Labour’s Kelvin Davis is a hell of a writer and he unleashes on iwi corporates looking to profit off running prisons:
So a private prison is going to be built at Wiri.
I see some iwi are rubbing their hands together in glee at the prospect of being able to get rich by locking their own up.
It goes to show how high the aspirations of some of our Maori leaders are. We now aspire to bung the bros in the hinaki and watch the dollars roll in. The longer and more often we can put them away, the sooner we will be able to afford to expand the prison and lock even more away.
With the soaring crime rate and high Maori unemployment everything is coming together nicely for iwi to become extremely wealthy. The last thing these iwi will want is for the country to emerge from the recession or for our kids to do well at school. Every Maori child born is a potential source of income not as a leader, businessman or entrepreneur but as a Beagle Boy.
What the heck, if profits start to dip or costs need to be cut, these iwi can just pay the other rellies who guard the bros a little less, or sack a couple of them purely in the best interests of the iwi of course.
Running a prison means imprisonment of Maori becomes financially necessary for iwi.
Making money by locking the bros up is culturally abhorrent and if this is one of the Treaty rights that we’re after, they can stick it. I’d rather have my integrity.
By all means infuse kaupapa Maori throughout the prison system surely Pita Sharples can wield his considerable influence as Associate Minister of Corrections to make this happen? Just don’t ever pretend it is okay for iwi to lock the whanau up and make money from it.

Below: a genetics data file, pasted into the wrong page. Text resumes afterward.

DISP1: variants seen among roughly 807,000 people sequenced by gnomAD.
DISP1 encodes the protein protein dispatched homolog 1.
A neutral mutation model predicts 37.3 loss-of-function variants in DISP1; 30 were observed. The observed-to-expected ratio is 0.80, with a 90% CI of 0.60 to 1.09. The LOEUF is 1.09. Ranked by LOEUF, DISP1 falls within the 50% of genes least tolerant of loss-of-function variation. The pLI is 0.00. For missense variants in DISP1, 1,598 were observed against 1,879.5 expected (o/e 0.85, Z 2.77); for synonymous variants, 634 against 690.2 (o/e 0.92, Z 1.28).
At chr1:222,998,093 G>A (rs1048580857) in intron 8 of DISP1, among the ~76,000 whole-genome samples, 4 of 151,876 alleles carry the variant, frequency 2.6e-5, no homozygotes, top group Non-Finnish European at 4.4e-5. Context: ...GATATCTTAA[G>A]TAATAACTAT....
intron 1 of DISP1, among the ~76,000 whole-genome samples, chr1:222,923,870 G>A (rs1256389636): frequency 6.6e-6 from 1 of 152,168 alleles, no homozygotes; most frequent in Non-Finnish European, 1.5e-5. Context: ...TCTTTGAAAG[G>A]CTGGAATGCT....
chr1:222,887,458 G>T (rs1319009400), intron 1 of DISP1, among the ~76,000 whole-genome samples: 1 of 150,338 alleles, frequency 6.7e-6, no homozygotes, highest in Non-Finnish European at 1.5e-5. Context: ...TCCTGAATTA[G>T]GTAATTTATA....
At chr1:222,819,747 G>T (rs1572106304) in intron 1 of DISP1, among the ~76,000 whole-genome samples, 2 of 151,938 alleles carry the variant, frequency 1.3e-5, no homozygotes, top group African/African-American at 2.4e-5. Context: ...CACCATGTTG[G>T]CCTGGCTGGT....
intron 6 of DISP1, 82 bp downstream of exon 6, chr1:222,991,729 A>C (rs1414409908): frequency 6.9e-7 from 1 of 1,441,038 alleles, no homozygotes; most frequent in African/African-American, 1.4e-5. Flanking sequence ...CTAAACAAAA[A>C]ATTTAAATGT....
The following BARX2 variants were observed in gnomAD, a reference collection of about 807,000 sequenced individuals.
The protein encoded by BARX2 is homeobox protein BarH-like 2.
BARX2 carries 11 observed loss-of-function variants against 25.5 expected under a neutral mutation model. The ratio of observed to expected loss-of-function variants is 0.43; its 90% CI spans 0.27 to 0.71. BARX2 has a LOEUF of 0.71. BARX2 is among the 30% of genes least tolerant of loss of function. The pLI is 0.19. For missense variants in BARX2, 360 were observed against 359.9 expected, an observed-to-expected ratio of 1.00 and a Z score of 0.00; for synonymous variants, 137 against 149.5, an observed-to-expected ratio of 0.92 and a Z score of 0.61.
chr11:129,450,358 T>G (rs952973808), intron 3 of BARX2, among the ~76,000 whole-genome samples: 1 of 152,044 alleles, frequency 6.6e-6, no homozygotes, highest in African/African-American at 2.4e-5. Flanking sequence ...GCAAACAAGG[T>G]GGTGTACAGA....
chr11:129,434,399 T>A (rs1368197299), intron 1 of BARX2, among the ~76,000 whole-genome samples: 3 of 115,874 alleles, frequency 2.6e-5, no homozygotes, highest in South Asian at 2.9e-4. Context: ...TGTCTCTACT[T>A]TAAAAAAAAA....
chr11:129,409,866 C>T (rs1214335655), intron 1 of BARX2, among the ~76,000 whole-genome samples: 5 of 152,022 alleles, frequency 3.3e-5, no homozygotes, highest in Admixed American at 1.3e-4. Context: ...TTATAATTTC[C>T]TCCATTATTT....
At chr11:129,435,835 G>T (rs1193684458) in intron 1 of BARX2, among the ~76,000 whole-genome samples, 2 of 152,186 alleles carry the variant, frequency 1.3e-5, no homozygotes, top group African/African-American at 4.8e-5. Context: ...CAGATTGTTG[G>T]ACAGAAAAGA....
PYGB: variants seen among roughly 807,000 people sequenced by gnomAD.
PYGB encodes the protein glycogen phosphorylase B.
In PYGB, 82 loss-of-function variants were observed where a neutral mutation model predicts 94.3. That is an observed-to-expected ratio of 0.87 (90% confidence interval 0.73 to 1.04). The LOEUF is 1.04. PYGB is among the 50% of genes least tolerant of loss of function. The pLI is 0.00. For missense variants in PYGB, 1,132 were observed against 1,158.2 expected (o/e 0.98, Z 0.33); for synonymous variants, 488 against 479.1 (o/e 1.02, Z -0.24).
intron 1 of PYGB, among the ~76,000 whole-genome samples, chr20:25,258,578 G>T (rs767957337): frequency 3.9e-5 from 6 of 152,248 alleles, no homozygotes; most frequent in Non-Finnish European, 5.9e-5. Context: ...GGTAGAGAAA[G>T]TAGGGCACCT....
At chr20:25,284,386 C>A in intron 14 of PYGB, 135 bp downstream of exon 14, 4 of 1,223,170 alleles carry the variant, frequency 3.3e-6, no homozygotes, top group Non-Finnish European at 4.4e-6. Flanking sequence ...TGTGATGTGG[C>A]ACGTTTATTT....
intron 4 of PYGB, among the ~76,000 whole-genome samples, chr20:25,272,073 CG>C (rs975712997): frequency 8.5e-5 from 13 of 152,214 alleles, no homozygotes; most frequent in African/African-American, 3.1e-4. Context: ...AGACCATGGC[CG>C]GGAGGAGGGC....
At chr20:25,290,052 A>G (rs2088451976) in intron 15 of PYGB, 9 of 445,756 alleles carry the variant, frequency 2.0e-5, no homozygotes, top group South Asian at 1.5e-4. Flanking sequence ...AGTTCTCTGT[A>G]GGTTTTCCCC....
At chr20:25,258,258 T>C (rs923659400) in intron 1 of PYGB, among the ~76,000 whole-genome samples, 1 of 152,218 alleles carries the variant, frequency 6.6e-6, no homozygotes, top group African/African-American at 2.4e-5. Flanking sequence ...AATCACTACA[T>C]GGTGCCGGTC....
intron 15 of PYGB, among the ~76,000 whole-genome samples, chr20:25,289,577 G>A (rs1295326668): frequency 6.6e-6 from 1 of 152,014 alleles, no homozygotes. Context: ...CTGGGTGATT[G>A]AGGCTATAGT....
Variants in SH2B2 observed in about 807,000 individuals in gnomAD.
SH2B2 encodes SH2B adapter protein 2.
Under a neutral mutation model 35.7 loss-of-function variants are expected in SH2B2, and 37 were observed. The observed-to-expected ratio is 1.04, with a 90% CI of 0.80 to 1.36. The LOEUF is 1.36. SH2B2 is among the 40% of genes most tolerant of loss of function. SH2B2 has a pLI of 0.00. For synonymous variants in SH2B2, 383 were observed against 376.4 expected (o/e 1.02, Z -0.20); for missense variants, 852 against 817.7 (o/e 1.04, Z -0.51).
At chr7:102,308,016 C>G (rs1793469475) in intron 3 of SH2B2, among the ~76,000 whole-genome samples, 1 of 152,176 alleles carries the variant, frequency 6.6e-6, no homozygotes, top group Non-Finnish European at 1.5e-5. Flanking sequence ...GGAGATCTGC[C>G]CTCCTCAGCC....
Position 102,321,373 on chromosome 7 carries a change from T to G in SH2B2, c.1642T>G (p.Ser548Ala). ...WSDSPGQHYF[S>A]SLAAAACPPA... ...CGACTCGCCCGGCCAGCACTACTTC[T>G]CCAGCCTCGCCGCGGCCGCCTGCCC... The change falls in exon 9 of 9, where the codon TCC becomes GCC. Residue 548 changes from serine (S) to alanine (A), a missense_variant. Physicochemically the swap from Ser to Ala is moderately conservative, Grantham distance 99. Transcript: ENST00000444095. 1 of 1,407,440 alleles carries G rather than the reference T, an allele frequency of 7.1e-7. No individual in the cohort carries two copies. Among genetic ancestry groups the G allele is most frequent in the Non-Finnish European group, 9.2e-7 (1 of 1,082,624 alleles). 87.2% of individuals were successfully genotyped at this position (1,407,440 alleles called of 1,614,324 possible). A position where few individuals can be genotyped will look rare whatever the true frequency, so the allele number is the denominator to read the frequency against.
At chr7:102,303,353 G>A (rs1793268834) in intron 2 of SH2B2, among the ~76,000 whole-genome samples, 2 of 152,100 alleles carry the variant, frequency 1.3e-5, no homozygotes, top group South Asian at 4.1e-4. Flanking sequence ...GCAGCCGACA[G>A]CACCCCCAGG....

Personally I’d prefer iwi put their energies into supporting their local schools and building universities, but maybe I’m just old fashioned. That would take a bit of effort and why would iwi bother going down that old path when there’s a quick buck to be made by locking the bros up? Besides, preventing Maori from getting to prison in the first place will cut into profits.
This is one of the many problems with private prisons. You turn locking people up into a desirable, in fact necessary, activity from the perspective of the private owners, whether they be an iwi or an Aussie or US outfit. It becomes an economic imperative for these organisations for people to keeping on getting locked up, preferably more people and for longer.
We’ve seen the economically rational behaviour of private prison owners in the US that result: low rehabilition rates, lobbying for longer sentences, bribery and corruption of judges.